northeastward; the inner half of the bay has a width of less than 1 mile.
H.O. 76, 528


Cape Agassiz,

(79° 09′N., 65° 40′W.) in northern West Greenland, marks the
west point of a small triangular peninsula which projects northwestward
into Peabody Bay, close to the southern end of Humboldt Glacier.
The inner portion of the peninsula is completely locked in by the Inland
Ice. A group of islets (Mc Garry Islands) lies northward of the cape
and close off the face of the southernmost end of Humboldt Glacier. Another
chain of islets extends northwestward about 1 mile from the cape.
The cape was named after the French zoologist Swiss-American naturalist Louis Agassiz.
Guidebook 1214 H.O. 76, 528 MG 65, 287
Indexer: list Mc Garry Islands (Peabody Bay)

Greenland 90 w

Cape Shackleton (Agparssuit)

(western extremity,73° 49′N., 56° 50′W.) is a small island in the Upernivik District of northwest Greenland,
about 2 miles southwestward of the large island Kugdlikorssuit.
A conspicuous headland, rising sheer from the sea to an elevation of over
1,400 ft., forms the southern and southwestern side of the island.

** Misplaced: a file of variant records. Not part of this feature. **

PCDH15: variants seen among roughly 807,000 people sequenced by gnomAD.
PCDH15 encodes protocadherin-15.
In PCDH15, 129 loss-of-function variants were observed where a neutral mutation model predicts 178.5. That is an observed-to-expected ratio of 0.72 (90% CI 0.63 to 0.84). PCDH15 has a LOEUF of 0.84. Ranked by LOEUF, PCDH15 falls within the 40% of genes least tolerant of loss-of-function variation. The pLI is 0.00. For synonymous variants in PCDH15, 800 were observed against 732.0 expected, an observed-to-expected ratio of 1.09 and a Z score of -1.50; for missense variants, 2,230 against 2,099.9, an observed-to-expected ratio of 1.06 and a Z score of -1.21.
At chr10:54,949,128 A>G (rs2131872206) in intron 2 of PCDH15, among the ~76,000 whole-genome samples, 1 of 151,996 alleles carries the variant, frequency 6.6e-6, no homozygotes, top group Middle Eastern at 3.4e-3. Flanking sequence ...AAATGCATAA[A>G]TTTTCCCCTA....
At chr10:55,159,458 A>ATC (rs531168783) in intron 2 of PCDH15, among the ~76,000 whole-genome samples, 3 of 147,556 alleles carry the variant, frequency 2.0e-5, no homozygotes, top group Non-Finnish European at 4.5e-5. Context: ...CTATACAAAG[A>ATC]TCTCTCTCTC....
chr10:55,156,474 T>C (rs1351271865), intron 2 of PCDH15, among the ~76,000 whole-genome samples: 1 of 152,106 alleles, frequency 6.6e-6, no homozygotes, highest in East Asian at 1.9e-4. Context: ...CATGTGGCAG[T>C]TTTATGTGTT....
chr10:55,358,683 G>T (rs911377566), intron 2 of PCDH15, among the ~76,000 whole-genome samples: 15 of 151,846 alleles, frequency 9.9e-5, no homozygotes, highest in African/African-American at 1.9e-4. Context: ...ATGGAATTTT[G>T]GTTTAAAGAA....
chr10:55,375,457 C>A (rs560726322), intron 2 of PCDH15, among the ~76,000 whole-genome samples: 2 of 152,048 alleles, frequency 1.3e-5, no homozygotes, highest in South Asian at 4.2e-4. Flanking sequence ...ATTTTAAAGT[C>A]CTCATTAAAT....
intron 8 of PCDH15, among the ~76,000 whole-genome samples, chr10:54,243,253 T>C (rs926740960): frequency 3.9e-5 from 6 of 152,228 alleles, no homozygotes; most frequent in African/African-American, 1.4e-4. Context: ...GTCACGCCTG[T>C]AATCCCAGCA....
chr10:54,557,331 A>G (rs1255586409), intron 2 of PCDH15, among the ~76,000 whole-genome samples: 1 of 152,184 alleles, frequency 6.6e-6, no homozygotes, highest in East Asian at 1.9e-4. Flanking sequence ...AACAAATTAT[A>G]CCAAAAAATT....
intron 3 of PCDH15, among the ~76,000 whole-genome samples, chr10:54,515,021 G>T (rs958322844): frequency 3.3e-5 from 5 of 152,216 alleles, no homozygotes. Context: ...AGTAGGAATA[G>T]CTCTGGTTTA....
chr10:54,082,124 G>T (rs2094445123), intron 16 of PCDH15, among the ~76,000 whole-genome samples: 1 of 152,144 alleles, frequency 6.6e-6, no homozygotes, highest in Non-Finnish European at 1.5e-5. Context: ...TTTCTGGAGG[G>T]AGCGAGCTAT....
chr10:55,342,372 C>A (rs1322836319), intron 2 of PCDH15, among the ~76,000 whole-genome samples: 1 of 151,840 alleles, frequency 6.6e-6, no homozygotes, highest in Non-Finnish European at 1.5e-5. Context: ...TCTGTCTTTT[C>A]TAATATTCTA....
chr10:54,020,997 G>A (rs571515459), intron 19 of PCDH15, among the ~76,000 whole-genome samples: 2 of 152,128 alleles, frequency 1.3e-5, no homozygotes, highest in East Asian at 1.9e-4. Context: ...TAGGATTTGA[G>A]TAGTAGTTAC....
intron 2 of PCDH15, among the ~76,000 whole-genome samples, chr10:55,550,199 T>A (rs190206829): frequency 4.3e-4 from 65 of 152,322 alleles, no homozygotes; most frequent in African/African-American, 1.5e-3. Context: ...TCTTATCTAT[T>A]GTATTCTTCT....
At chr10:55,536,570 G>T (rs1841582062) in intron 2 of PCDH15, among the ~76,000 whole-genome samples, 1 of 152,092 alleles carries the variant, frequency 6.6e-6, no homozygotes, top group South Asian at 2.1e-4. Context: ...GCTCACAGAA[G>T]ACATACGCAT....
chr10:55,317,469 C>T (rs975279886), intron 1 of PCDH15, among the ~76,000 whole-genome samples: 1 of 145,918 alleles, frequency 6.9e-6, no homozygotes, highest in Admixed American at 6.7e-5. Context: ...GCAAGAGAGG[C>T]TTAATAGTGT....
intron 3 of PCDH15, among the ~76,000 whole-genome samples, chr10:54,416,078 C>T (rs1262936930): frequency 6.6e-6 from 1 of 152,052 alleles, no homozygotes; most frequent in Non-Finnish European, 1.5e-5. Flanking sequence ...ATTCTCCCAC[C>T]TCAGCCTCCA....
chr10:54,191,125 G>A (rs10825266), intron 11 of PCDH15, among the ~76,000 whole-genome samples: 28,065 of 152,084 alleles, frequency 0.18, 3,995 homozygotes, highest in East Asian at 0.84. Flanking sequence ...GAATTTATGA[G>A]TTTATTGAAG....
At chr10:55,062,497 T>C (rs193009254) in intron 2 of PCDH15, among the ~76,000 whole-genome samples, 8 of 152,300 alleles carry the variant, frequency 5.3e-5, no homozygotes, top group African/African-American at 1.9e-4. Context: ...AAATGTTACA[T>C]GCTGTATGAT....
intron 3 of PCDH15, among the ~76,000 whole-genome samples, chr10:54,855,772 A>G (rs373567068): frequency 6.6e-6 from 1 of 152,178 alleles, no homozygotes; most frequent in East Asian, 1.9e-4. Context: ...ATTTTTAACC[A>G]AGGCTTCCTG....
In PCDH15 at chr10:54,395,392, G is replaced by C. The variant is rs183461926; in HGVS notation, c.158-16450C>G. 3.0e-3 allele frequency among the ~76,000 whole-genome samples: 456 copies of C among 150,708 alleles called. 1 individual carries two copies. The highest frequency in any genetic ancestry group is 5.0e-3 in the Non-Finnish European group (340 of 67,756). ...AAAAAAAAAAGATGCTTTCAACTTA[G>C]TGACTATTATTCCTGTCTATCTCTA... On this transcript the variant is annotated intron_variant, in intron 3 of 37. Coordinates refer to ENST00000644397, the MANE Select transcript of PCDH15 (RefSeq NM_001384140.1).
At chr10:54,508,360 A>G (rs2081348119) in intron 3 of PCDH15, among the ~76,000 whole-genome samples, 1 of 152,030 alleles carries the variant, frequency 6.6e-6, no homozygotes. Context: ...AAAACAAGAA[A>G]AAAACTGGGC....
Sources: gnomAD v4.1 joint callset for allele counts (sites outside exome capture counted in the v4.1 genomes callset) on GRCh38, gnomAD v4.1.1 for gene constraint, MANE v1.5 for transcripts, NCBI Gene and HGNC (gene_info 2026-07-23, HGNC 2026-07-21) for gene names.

Thousands of guillemots breed in the cliffs, and fresh eggs may be obtained
here in large quantities toward the end of June. The strait between Cape
Shackleton and Kugdlikorssuit has been navigated by vessels proceeding
northward by the inside route.
HO 76 447 SD VI 8 3 4


Cape Alexander (Uvdlerssuak; Safarlik)

(78° 10′N., 73° 09′W.), the westernmost point of Greenland, forms the
southeastern entrance point of Sm o i th Sound at the northern end of Baffin Bay.
The large cape, which projects westward for about 5 miles, rises to over
1,100 ft., its rock presenting a striking m a i xture of light yellow sandstone
and dark columnar basalt. Two enormous glaciers separate the cape from the
mainland to the eastward. The coast in this vicinity is generally free o f ice in August
and September, and stretches of open water occur throughout the winter
because of frequent storms; the ice-foot, when it exists, is generally usually